Why Citi Is Worried About The 1,700 Level On The S&P

Tyler Durden's picture

Despite the short-term memory-losing recency-biased perspective that a 2-day rally in stocks has seemingly set in investors' minds, Citi's FX Technicals group remains concerned that the S&P 500 is stretched by historical standards. At this point, they add, the S&P is more stretched than in 2007 and a bit less stretched than 2000 with the line in the sand around 1,700.

 

Via Citi FX Technicals,

The S&P 500 is stretched by historical standards:

– At the peak on 15 Jan 2014 the S&P was 12% above the 55 week moving average which itself was 20% above the 200 week moving average

 

– At the peak in 2007 the S&P was 8.5% above the 55 week moving average which itself was 14.5% above the 200 week moving average

 

– At the peak in 2000 the S&P was 14% above the 55 week moving average which itself was 29.5% above the 200 week moving average

So at this point the S&P is more stretched than in 2007 and a bit less stretched than 2000. In both those instances you would have expected (and in fact got) a correction down to the 200 week moving average once support at the 55 week moving average was broken.

However, in both those instances we ended up going much further than the 200 week because of the knock on effects of another asset in the US (In 2000 it was the NASDAQ which saw an 80%+ drop and in 2007 it was the housing market which dominoed into a financial crisis).

Another dynamic at play here is the similarity between 1998-2000 and 2011-present:

– In 1998 the S&P saw a 22% high to low correction on the back of Russia’s default which was followed by a 68% into the 2000 high

 

– In 2011 the S&P saw a 22% high to low correction on the back of the European crisis/Greek defaults which was followed by a 72% rally into the high so far from January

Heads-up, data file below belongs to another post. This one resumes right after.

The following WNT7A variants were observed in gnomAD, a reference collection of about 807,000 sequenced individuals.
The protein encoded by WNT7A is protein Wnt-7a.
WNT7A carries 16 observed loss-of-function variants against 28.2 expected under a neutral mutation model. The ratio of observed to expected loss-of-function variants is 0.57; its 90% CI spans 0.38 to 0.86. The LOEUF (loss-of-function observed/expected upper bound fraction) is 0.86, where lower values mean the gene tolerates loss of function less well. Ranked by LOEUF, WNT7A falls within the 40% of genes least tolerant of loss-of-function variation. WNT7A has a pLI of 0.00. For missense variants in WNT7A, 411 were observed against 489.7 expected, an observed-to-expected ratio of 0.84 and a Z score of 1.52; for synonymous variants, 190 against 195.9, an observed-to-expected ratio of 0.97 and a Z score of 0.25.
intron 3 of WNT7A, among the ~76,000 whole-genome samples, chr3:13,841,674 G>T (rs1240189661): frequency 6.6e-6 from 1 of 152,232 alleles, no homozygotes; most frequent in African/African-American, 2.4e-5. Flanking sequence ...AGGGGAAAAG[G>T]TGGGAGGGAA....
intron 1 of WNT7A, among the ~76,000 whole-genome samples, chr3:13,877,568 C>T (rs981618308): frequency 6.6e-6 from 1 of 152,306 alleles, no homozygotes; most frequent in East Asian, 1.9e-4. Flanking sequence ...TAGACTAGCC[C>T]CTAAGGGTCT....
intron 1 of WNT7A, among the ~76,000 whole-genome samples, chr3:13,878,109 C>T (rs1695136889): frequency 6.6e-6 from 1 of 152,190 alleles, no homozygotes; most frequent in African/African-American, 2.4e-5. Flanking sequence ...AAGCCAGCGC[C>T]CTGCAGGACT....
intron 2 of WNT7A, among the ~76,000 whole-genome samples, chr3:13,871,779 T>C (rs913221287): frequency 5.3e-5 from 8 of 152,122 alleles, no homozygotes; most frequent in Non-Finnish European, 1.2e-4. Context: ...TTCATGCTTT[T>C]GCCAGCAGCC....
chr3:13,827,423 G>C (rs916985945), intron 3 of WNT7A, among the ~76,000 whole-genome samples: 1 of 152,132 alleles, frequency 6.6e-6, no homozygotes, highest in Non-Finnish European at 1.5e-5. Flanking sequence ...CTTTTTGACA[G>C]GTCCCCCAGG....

At this point, though, we certainly do not expect the type of correction seen in 2000 but the parallel certainly speaks to just how stretched the move over the last few years in the S&P has been, especially when comparing the backdrop wherein the late 1990s saw low unemployment and high GDP growth compared to the more recent anemic recovery (and the potential beginning of the end of easy money by the Fed).

For now we have not seen the break of any significant levels which would suggest much lower levels are likely in the near-term; however, they are certainly on the horizon:

– Initially watch supports around 1672-1697, the converging 55 week moving average and 12 month moving average (see below for more).

 

– A break below there, should we see it, would open the way towards the 200 week moving average at 1387, 25% off of the highs

The 12 month moving average has been a significant level on a closing basis as can be seen by the rare breaks below (marked by black circles):

August 1998: S&P closes below the 12 month moving average for the first time in 43 months and we saw a 22% high to low correction

 

October 2000: S&P closes below the 12 month moving average for the first time in 24 months as the S&P begins a 50% high to low correction. After regaining the 12 month moving average in April 2003, the S&P stays above it until

 

December 2007: S&P closes below the 12 month moving average as the S&P begins another 50%+ correction

 

June 2010: S&P closes below the 12 month moving average and sees a high to low move of 17%

 

August 2011: S&P closes below the 12 month moving average while posted a high to low decline of 22%

If we were to see a monthly close below the level, it would be in our view a very bearish break and suggests that we are in the process of a high to low double digit percentage correction with the obvious target being the 200 week moving average (if the 55 week moving average also gives way)